Here are the topics that generated the highest percentage of misinformation narratives:
1. George Soros (45.7 percent misinformation mentions)
2. Ukraine (34.2 percent)
3. Vote by Mail (21.8 percent)
4. Bio Weapon (24.2 percent)
5. Antifa (19.4 percent)
6. Biden and Defund the Police (14.2 percent)
7. Hydroxychloroquine (9.2 percent)
8. Vaccine (8.2 percent)
9. Anthony Fauci (3.2 percent)
10. Masks (0.8 percent)
With a week to go before Election Day on Nov. 3, YouTube, like other social media firms, is girding for a test of its ability to keep misinformation and other problematic videos off its site.
In a blog post on Tuesday laying out its approach, the company said it planned to apply its basic approach of removing content that violates its policies, elevating videos from authoritative sources, and limiting the spread of so-called borderline that tests the boundaries of its policies.
YouTube said it would be especially vigilant about content that encourages interference in the electoral process, such as videos inciting others to commit violent acts at polling stations or ones making false claims that mail-in ballots have been manipulated.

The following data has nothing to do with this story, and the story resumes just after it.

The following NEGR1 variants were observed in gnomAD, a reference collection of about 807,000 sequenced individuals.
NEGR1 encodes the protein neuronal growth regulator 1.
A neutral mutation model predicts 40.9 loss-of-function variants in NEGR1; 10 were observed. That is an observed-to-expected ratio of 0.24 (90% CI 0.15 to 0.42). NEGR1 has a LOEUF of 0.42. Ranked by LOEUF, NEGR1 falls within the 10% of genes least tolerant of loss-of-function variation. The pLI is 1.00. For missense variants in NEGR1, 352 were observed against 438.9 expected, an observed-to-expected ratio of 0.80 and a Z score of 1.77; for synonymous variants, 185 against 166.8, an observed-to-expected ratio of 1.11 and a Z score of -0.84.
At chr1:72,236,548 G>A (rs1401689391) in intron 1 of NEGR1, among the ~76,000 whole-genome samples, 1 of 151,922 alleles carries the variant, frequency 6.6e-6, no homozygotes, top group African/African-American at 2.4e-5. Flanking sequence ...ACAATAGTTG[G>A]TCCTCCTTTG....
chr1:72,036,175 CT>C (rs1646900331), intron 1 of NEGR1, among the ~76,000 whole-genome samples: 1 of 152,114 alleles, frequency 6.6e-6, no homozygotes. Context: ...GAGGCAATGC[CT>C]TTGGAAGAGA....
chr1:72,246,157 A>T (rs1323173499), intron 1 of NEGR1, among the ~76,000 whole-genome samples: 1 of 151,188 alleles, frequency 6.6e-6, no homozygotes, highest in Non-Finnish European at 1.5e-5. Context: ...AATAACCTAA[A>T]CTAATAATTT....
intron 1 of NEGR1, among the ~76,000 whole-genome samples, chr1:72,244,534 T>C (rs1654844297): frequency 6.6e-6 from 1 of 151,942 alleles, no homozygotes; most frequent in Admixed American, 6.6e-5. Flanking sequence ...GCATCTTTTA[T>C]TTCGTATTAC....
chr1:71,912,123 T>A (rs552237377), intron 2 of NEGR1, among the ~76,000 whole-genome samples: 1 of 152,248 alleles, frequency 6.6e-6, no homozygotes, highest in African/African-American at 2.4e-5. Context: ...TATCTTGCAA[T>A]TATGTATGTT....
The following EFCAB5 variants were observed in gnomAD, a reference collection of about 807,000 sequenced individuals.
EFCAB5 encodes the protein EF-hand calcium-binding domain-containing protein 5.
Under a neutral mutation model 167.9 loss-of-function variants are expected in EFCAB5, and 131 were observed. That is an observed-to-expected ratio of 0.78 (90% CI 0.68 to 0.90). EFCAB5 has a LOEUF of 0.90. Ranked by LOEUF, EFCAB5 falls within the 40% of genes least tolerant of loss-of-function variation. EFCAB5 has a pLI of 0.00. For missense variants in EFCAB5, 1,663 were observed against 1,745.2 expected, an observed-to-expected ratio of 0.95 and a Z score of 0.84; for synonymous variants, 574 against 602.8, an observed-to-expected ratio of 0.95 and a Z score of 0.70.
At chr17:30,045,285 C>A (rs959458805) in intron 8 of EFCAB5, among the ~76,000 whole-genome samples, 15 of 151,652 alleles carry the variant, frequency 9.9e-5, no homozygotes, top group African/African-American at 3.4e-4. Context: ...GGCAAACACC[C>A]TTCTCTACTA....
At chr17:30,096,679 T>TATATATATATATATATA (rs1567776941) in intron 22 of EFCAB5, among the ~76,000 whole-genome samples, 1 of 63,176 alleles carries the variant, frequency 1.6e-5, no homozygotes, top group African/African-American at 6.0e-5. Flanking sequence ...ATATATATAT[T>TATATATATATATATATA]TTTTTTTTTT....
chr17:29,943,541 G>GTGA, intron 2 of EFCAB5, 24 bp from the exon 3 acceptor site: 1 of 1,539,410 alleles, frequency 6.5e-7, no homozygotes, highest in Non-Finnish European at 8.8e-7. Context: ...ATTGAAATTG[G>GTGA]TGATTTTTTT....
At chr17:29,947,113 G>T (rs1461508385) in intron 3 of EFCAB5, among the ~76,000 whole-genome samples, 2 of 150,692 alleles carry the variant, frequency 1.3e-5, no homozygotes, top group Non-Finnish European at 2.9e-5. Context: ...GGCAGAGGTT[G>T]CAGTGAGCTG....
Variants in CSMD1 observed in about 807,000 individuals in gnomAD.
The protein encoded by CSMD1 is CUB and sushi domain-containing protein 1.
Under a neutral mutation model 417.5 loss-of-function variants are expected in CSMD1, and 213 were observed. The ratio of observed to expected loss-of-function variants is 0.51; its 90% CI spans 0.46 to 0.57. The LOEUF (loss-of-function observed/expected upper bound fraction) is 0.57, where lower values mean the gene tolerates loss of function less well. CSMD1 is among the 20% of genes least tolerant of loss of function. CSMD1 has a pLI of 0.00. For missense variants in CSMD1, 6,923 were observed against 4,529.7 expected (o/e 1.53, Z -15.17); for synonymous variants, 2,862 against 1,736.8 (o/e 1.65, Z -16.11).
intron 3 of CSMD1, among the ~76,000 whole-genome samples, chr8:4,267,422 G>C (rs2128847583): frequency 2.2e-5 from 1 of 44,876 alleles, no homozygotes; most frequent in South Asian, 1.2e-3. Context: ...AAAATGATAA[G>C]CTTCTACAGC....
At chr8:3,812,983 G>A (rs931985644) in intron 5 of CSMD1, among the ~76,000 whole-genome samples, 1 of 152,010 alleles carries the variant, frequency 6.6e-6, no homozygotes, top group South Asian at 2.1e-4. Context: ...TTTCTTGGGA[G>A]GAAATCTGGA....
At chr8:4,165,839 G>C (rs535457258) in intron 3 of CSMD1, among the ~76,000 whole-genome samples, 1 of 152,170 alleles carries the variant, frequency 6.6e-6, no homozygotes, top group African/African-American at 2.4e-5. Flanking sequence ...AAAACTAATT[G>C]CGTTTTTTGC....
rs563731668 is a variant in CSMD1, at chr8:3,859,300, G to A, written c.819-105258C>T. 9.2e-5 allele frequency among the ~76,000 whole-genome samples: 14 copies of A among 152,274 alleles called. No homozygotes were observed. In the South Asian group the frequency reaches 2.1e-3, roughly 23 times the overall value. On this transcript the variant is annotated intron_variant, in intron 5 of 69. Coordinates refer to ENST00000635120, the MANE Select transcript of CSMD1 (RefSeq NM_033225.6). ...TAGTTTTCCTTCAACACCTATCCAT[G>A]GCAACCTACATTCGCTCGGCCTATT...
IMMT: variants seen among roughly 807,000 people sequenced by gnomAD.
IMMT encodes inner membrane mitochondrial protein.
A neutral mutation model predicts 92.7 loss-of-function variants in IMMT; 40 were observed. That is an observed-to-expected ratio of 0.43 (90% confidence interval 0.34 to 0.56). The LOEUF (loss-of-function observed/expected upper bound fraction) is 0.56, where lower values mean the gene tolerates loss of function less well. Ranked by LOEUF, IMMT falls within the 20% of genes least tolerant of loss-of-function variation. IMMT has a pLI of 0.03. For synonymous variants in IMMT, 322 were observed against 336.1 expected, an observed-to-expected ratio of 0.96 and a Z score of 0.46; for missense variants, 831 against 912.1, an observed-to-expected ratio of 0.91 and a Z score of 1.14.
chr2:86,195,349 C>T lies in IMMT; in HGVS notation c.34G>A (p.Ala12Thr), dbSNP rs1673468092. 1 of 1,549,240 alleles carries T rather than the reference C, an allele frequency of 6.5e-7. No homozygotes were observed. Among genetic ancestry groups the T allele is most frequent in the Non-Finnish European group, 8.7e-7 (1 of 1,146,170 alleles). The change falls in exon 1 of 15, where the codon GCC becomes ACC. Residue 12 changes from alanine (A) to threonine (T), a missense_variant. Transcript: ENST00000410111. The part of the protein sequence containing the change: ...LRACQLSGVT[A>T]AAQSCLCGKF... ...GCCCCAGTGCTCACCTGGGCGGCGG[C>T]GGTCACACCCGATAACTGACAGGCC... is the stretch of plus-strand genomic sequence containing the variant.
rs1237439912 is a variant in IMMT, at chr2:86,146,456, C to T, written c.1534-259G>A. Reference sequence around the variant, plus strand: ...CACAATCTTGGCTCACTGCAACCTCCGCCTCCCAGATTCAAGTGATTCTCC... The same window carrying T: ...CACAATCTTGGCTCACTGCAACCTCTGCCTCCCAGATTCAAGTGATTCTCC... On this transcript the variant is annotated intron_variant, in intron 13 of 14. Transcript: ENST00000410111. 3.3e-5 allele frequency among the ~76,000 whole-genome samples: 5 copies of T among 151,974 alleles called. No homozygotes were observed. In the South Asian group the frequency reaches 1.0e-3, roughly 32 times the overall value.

“Our teams have been working around the clock to make sure we have the systems and policies to prevent the abuse of our systems and provide access to authoritative information this election season,” wrote Leslie Miller, YouTube’s vice president for government affairs and public policy.
The election is a critical test of YouTube’s efforts to prevent the spread of dangerous conspiracy theories and hate speech on its platform. As the biggest repository of videos on the internet, YouTube has come under criticism in recent years for not doing enough to rein in the toxic content on its site while pushing viewers toward increasingly radical points of view.
In the days leading up to Nov. 3, YouTube’s home page will feature links to information about how and where to vote. As the polls close, YouTube will feature a playlist of live election results coverage from what it deems authoritative news sources. YouTube did not provide a full list of the sources, but cited CNN and Fox News as authoritative sources.
Starting on the day of the election, YouTube said, it will place a so-called information panel above election-related search results and below videos discussing the election. The panel will warn viewers that results may not be final and offer a link to Google’s real-time election results feature, based on information from The Associated Press.
Local election officials, politicians and disinformation researchers continue to express concern about how misinformation about voting could disrupt Election Day next week. False and misleading information, research shows, has already been spreading widely.
The 2019 race for governor of Kentucky illustrates what can go wrong, as we explored in the latest episode of “Stressed Election.” In that race, the standing governor, Matt Bevin, a Republican, disputed the results when the vote tally showed him narrowly losing to his Democratic challenger, Andy Beshear.